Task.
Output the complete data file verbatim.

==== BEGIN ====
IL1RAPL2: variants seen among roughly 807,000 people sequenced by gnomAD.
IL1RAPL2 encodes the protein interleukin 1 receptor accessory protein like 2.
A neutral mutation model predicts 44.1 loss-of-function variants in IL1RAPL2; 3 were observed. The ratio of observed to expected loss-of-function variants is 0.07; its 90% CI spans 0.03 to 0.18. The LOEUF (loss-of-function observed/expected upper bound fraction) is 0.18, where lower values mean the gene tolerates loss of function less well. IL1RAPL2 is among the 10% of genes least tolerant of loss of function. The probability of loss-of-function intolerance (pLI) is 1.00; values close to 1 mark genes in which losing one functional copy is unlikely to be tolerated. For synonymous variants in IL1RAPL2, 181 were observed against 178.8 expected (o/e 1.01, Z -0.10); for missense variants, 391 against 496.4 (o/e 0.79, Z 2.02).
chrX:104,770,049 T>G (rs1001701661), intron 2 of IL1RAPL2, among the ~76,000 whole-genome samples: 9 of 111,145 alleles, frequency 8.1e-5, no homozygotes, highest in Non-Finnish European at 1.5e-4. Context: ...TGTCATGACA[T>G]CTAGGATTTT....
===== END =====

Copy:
IL1RAPL2: variants seen among roughly 807,000 people sequenced by gnomAD.
IL1RAPL2 encodes the protein interleukin 1 receptor accessory protein like 2.
A neutral mutation model predicts 44.1 loss-of-function variants in IL1RAPL2; 3 were observed. The ratio of observed to expected loss-of-function variants is 0.07; its 90% CI spans 0.03 to 0.18. The LOEUF (loss-of-function observed/expected upper bound fraction) is 0.18, where lower values mean the gene tolerates loss of function less well. IL1RAPL2 is among the 10% of genes least tolerant of loss of function. The probability of loss-of-function intolerance (pLI) is 1.00; values close to 1 mark genes in which losing one functional copy is unlikely to be tolerated. For synonymous variants in IL1RAPL2, 181 were observed against 178.8 expected (o/e 1.01, Z -0.10); for missense variants, 391 against 496.4 (o/e 0.79, Z 2.02).
chrX:104,770,049 T>G (rs1001701661), intron 2 of IL1RAPL2, among the ~76,000 whole-genome samples: 9 of 111,145 alleles, frequency 8.1e-5, no homozygotes, highest in Non-Finnish European at 1.5e-4. Context: ...TGTCATGACA[T>G]CTAGGATTTT....